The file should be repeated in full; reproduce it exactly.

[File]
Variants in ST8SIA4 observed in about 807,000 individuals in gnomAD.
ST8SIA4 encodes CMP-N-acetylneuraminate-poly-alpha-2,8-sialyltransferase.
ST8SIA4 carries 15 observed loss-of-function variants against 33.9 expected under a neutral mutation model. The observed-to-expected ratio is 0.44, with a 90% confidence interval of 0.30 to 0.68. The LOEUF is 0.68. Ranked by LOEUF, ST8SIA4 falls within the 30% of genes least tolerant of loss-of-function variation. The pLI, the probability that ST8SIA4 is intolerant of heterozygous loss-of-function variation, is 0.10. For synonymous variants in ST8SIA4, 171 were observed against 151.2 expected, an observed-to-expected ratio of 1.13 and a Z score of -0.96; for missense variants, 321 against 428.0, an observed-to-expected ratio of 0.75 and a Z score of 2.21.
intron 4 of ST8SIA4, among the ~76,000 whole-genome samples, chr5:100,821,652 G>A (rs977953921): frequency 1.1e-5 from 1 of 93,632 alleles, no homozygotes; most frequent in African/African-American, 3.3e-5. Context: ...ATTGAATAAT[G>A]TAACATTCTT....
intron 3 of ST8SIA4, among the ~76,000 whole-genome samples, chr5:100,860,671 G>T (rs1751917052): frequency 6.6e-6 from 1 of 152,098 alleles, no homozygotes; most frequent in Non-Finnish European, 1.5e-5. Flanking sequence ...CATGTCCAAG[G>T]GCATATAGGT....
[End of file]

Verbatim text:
Variants in ST8SIA4 observed in about 807,000 individuals in gnomAD.
ST8SIA4 encodes CMP-N-acetylneuraminate-poly-alpha-2,8-sialyltransferase.
ST8SIA4 carries 15 observed loss-of-function variants against 33.9 expected under a neutral mutation model. The observed-to-expected ratio is 0.44, with a 90% confidence interval of 0.30 to 0.68. The LOEUF is 0.68. Ranked by LOEUF, ST8SIA4 falls within the 30% of genes least tolerant of loss-of-function variation. The pLI, the probability that ST8SIA4 is intolerant of heterozygous loss-of-function variation, is 0.10. For synonymous variants in ST8SIA4, 171 were observed against 151.2 expected, an observed-to-expected ratio of 1.13 and a Z score of -0.96; for missense variants, 321 against 428.0, an observed-to-expected ratio of 0.75 and a Z score of 2.21.
intron 4 of ST8SIA4, among the ~76,000 whole-genome samples, chr5:100,821,652 G>A (rs977953921): frequency 1.1e-5 from 1 of 93,632 alleles, no homozygotes; most frequent in African/African-American, 3.3e-5. Context: ...ATTGAATAAT[G>A]TAACATTCTT....
intron 3 of ST8SIA4, among the ~76,000 whole-genome samples, chr5:100,860,671 G>T (rs1751917052): frequency 6.6e-6 from 1 of 152,098 alleles, no homozygotes; most frequent in Non-Finnish European, 1.5e-5. Flanking sequence ...CATGTCCAAG[G>T]GCATATAGGT....